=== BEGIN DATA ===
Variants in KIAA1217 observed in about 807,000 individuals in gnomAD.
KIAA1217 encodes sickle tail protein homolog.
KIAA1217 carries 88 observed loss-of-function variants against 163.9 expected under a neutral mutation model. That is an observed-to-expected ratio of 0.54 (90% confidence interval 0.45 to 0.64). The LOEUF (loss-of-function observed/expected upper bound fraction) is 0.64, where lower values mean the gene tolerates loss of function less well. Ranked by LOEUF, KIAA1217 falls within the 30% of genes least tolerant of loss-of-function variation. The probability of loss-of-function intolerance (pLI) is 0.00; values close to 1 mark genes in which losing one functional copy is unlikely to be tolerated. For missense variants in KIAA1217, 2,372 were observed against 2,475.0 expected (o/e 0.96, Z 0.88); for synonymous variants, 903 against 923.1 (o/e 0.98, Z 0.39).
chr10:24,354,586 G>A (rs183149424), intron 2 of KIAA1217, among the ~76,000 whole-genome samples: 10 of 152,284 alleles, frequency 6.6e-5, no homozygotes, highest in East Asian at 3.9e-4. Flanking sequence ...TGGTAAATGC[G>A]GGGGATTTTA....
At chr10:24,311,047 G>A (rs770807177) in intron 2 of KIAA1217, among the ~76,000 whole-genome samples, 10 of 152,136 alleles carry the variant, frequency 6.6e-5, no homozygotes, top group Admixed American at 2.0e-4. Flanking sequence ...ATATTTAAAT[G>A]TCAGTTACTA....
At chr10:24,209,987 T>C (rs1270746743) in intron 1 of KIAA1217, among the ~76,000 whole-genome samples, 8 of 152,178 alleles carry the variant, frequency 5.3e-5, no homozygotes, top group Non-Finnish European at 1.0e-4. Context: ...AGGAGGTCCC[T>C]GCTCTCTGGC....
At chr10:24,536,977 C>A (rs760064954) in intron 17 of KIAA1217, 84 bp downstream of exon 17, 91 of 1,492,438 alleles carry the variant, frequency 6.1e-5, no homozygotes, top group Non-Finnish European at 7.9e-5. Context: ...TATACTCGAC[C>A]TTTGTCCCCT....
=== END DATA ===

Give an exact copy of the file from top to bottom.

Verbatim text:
Variants in KIAA1217 observed in about 807,000 individuals in gnomAD.
KIAA1217 encodes sickle tail protein homolog.
KIAA1217 carries 88 observed loss-of-function variants against 163.9 expected under a neutral mutation model. That is an observed-to-expected ratio of 0.54 (90% confidence interval 0.45 to 0.64). The LOEUF (loss-of-function observed/expected upper bound fraction) is 0.64, where lower values mean the gene tolerates loss of function less well. Ranked by LOEUF, KIAA1217 falls within the 30% of genes least tolerant of loss-of-function variation. The probability of loss-of-function intolerance (pLI) is 0.00; values close to 1 mark genes in which losing one functional copy is unlikely to be tolerated. For missense variants in KIAA1217, 2,372 were observed against 2,475.0 expected (o/e 0.96, Z 0.88); for synonymous variants, 903 against 923.1 (o/e 0.98, Z 0.39).
chr10:24,354,586 G>A (rs183149424), intron 2 of KIAA1217, among the ~76,000 whole-genome samples: 10 of 152,284 alleles, frequency 6.6e-5, no homozygotes, highest in East Asian at 3.9e-4. Flanking sequence ...TGGTAAATGC[G>A]GGGGATTTTA....
At chr10:24,311,047 G>A (rs770807177) in intron 2 of KIAA1217, among the ~76,000 whole-genome samples, 10 of 152,136 alleles carry the variant, frequency 6.6e-5, no homozygotes, top group Admixed American at 2.0e-4. Flanking sequence ...ATATTTAAAT[G>A]TCAGTTACTA....
At chr10:24,209,987 T>C (rs1270746743) in intron 1 of KIAA1217, among the ~76,000 whole-genome samples, 8 of 152,178 alleles carry the variant, frequency 5.3e-5, no homozygotes, top group Non-Finnish European at 1.0e-4. Context: ...AGGAGGTCCC[T>C]GCTCTCTGGC....
At chr10:24,536,977 C>A (rs760064954) in intron 17 of KIAA1217, 84 bp downstream of exon 17, 91 of 1,492,438 alleles carry the variant, frequency 6.1e-5, no homozygotes, top group Non-Finnish European at 7.9e-5. Context: ...TATACTCGAC[C>A]TTTGTCCCCT....